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The Use of Tranexamic acid (TXA) for The Management of Haemorrhage In Trauma Patients In The Prehospital Environment

Literature Review and Descriptive Analysis of Principal Themes

Stansfield, Rachel*; Morris, Danielle; Jesulola, Emmanuel*,†

doi: 10.1097/SHK.0000000000001389
Review Article: PDF Only

ABSTRACT Tranexamic acid (TXA) is an anti-fibrinolytic agent used to prevent traumatic exsanguination. It was first introduced to clinical practice for the management of patients with bleeding disorders, especially adapted to reduce bleeding in haemophiliacs undergoing oral surgical interventions. TXA exerts its action on the coagulation process by competitively inhibiting plasminogen activation, thereby reducing conversion of plasminogen into plasmin. This ultimately prevents fibrinolysis and reduces haemorrhage. Thus, TXA may be well suited for the management of traumatic haemorrhage in the pre-hospital setting.

Despite multiplicity of studies on the use of TXA in clinical practice, there is no consensus regarding the use of TXA for the management of haemorrhage in trauma patients in the prehospital environment. Thus, a review on this topic was warranted. An extensive literature search yielded 14 full journal articles which met the inclusion criteria. These articles were thoroughly analysed and the and following themes were identified: “Dose of TXA administration”, “Route of TXA administration”, “Optimal window of TXA administration”, “Safety of TXA use”, “Clinical Effectiveness of TXA application” and the “Feasibility of TXA use in the prehospital setting”.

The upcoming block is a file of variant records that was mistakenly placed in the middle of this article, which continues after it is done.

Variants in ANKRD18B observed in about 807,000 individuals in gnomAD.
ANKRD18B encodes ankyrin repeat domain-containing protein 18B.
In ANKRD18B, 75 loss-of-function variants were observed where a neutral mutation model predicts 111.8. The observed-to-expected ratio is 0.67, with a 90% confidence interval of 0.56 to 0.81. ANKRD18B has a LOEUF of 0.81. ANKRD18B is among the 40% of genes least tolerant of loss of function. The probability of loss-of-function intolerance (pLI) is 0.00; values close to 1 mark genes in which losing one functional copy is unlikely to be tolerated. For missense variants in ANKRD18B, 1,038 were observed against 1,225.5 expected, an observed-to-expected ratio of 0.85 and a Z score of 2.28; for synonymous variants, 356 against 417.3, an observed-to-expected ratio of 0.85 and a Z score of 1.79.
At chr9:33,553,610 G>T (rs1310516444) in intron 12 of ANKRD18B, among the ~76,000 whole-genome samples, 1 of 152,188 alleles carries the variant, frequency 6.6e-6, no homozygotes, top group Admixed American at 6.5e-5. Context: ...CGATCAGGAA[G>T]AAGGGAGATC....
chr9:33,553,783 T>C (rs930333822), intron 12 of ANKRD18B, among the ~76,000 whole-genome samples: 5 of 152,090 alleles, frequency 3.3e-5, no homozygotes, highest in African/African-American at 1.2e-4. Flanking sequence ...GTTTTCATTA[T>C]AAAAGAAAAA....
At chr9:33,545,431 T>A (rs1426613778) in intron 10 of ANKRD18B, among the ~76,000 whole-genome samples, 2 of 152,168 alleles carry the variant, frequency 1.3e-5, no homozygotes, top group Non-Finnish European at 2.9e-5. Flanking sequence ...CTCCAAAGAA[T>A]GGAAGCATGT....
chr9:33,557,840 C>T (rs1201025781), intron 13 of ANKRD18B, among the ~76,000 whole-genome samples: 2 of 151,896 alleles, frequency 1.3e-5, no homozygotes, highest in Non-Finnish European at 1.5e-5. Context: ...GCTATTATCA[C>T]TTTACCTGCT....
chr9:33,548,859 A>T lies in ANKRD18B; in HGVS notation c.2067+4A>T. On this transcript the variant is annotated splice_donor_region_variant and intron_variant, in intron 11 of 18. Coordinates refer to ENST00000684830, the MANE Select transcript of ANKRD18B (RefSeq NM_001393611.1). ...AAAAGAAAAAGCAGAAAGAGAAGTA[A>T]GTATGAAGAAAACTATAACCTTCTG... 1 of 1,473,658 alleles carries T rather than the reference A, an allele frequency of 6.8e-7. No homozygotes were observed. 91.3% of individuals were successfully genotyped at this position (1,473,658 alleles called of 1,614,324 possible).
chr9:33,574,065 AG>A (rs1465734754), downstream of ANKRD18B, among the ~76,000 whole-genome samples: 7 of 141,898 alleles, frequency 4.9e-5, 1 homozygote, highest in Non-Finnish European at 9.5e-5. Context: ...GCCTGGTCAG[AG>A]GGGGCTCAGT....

Overall, to achieve the best possible outcomes, literature supports the use of a loading dose of 1 gram of TXA, followed by 1 gram infusion over 8 hours, given by intravenous administration within a 3 hour window period of traumatic injury. TXA is very effective and safe to use in the pre-hospital setting, and its use is clinically and economically feasible.

*Paramedicine Discipline, Charles Sturt University, Bathurst NSW 2795, Australia

Bathurst Base Hospital, Bathurst NSW 2795, Australia

Address reprint requests to Dr Emmanuel Jesulola, Room 206, Building 1448, Charles Sturt University, Panorama Avenue, Bathurst, NSW 2795 Australia. E-mail:

Received 4 April, 2019

Revised 18 April, 2019

Accepted 14 May, 2019

Funding: No funding was required for this review article.

Disclosure of interest: The authors report no conflict of interest.

© 2019 by the Shock Society